Gender Divisions of Domestic Work: Housework Shares When Adult Children Live with Mom and Dad

Lyn Craig, University of New South Wales
Abigail Powell, University of New South Wales

This paper examines how housework is shared between parents and their co-resident children aged 15-34, using data from the Australian Bureau of Statistics (ABS) Time Use Survey 2006. It investigates shares of housework along two dimensions: routine versus non-routine household tasks, and domestic work done for the household versus domestic work done for oneself only. The findings show young people take on make minimal shares, but young women contribute more of the routine domestic labor than young men, and older co-resident children do more of the routine housework, housework for the household and housework for themselves. Higher shares among young people displace fathers’ shares, but not mothers’ shares, suggesting young adults’ contribution exacerbates rather than ameliorates gender divisions of labor between parents.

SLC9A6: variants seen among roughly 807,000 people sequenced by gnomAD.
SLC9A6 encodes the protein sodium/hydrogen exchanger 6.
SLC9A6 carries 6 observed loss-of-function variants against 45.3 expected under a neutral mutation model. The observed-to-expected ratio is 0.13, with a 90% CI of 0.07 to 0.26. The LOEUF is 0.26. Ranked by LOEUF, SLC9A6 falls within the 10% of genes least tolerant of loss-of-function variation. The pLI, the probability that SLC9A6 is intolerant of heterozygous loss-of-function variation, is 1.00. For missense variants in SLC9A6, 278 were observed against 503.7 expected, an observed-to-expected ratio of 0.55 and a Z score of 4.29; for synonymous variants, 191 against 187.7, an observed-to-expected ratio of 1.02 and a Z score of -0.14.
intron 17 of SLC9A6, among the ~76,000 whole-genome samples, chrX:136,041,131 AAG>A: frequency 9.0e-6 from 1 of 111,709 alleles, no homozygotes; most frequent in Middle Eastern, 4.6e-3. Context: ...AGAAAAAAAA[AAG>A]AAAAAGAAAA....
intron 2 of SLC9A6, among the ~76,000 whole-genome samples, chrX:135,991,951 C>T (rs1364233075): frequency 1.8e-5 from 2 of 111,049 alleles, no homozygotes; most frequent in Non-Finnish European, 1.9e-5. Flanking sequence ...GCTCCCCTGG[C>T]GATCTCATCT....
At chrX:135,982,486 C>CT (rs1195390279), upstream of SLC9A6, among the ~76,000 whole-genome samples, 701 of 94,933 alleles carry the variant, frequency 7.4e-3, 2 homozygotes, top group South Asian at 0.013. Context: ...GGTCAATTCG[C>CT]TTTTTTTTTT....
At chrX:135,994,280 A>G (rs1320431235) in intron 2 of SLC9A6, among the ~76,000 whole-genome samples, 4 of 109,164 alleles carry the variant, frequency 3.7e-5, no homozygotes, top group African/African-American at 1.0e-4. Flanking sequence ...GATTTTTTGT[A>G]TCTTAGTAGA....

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Presented in Session 188: Determinants and Correlates of Domestic Gender Equality